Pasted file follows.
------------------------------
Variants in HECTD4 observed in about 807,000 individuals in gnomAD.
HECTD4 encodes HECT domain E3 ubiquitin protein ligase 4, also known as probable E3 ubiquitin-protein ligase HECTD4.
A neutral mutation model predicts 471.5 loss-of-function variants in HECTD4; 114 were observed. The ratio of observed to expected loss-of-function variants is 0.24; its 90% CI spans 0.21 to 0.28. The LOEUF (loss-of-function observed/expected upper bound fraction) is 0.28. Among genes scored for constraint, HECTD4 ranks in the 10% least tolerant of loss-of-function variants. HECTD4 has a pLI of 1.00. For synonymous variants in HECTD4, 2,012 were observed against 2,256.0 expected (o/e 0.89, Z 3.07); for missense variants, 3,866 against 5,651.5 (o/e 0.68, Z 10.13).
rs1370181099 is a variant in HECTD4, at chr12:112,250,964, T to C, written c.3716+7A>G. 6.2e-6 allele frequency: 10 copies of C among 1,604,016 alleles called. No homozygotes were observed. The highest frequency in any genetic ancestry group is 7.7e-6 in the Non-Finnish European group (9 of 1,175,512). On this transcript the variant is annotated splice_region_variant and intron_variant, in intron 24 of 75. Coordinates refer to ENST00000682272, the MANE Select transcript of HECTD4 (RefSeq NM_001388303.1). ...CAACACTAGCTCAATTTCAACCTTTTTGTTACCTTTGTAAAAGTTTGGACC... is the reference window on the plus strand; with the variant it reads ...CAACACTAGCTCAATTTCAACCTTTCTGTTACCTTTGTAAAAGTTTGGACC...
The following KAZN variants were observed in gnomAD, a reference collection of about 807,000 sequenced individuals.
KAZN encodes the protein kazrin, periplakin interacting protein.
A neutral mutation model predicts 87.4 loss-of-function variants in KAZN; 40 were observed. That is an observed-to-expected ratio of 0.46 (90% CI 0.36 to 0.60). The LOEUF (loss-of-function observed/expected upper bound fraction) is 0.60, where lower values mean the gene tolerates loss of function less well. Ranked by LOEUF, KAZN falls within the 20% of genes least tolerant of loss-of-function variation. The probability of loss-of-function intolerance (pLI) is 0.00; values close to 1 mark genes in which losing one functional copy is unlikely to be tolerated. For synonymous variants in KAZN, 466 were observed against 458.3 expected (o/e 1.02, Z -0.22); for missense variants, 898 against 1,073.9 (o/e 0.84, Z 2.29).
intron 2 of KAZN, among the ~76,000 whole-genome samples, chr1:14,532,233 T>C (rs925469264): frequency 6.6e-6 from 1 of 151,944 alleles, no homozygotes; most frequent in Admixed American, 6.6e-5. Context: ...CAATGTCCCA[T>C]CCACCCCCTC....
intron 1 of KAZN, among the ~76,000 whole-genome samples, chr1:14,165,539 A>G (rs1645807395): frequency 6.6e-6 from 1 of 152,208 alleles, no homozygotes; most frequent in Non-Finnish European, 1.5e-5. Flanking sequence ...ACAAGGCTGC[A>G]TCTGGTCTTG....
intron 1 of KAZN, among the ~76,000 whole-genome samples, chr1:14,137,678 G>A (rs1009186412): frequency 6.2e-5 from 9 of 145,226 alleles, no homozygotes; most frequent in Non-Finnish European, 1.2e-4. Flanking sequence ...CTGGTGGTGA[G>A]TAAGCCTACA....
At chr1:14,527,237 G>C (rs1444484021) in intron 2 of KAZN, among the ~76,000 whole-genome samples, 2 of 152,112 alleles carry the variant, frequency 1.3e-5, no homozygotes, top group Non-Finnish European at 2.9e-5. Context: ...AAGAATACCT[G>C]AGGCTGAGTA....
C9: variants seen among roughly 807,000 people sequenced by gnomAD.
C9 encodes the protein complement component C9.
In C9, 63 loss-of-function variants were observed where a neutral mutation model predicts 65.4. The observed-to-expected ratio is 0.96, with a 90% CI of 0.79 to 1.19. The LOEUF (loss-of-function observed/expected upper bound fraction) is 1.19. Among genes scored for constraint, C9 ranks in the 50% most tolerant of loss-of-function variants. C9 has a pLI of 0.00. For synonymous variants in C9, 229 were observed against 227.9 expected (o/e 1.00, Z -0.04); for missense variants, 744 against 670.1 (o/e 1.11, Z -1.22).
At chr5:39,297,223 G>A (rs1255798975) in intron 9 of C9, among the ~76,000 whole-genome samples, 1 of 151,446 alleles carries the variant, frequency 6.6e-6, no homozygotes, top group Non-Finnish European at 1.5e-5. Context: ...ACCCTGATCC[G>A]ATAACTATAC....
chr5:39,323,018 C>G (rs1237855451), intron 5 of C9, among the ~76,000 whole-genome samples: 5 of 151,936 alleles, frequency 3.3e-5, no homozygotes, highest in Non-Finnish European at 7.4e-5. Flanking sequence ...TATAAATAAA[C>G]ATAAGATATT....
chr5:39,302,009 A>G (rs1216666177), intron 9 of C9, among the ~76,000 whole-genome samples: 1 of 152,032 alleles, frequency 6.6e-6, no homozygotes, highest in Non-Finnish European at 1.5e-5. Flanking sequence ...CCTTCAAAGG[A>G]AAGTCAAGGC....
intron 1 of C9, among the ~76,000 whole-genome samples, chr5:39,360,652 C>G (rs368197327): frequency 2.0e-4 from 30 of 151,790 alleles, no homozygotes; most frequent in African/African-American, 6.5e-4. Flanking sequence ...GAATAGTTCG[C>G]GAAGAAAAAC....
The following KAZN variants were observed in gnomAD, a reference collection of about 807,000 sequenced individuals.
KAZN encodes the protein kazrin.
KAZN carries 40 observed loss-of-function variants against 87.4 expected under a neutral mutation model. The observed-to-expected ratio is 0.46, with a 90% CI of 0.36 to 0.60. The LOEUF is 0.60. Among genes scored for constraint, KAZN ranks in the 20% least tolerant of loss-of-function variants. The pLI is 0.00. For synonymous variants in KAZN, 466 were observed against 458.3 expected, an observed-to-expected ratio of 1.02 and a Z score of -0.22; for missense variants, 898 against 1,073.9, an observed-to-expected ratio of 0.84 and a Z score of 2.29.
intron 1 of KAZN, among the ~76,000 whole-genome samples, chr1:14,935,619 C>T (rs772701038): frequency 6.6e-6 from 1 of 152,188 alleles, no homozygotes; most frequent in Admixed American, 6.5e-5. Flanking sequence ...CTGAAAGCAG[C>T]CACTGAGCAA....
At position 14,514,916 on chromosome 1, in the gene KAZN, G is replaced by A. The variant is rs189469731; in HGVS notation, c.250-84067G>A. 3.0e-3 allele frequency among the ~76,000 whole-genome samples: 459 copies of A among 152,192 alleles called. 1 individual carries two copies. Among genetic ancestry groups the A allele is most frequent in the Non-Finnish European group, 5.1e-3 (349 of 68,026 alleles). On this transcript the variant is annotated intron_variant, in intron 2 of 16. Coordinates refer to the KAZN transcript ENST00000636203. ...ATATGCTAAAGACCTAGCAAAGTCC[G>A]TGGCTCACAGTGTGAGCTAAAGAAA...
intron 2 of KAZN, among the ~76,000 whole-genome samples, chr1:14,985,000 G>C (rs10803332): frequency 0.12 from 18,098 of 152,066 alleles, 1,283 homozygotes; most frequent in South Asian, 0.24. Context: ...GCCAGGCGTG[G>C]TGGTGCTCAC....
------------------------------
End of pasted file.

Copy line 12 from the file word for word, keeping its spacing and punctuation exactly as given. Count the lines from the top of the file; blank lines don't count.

C9: variants seen among roughly 807,000 people sequenced by gnomAD.